The 825 has a cardioid response, which is typical. I found that the microphone does actually offer a nice level of clarity, even over some of the standard microphones (but then again, everything seems less muddy than an SM58 when I have a richer baritone voice). It also has an on/off switch, that never stops irking me for the simple shallow cosmetic preference I have.
The Sennheiser E 825 S is Sennheiser's entry level microphone for stage work. It is my no means a terrible microphone in this regard; in fact, I find that it is actually quite comparable to even some of the less budget oriented microphones from other companies. That being said, at its price point, it cannot compete with the next microphone up which is a standard: The Sennheiser E 835 is a staple microphone for many people. Several people believe that the Sennheiser E 835 kills the vaunted Shure SM58. So maybe the E 825 S was not built to compete with it, but at only $20 less new than the E 835, it sure seems like it is trying.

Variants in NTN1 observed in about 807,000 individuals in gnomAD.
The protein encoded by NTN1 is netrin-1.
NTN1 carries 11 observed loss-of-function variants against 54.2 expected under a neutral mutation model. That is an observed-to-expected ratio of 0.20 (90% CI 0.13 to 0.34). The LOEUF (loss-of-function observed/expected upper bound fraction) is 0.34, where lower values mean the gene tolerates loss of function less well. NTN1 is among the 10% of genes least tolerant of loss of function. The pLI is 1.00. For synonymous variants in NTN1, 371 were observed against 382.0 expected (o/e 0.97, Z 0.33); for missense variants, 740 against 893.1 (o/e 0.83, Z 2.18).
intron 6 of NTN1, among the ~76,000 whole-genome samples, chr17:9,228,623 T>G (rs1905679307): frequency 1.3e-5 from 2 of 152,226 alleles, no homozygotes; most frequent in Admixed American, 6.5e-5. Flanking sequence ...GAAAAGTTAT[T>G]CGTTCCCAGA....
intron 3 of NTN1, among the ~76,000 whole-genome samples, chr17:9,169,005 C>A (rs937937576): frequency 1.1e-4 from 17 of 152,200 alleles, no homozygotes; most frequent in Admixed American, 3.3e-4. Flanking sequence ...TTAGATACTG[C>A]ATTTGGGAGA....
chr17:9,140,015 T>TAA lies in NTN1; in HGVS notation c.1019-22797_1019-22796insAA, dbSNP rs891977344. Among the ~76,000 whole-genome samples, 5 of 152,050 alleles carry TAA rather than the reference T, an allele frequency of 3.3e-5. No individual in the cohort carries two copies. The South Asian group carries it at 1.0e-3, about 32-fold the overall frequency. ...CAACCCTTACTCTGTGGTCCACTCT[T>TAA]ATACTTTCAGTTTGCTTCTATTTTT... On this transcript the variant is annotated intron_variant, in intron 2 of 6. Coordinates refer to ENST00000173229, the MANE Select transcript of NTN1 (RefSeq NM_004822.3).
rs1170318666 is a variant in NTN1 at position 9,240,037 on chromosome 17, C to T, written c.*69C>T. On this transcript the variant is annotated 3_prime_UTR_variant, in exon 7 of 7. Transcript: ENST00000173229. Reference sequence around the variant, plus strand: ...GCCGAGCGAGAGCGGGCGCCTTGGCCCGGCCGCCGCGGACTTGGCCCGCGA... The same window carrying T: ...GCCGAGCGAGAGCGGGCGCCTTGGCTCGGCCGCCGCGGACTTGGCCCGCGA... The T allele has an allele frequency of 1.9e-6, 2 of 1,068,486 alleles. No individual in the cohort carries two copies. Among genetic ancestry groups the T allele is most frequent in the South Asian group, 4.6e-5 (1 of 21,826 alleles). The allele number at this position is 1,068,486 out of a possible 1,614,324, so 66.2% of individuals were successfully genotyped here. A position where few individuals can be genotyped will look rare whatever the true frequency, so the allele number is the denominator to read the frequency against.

What is rather bothersome about this is that understandably, $20 can stack up over several microphones. However, Sennheiser also sells a three pack of the E 835 for $10 less than three E 825 S microphones would cost. So, there is very little reason to settle for this and not go for the next one up.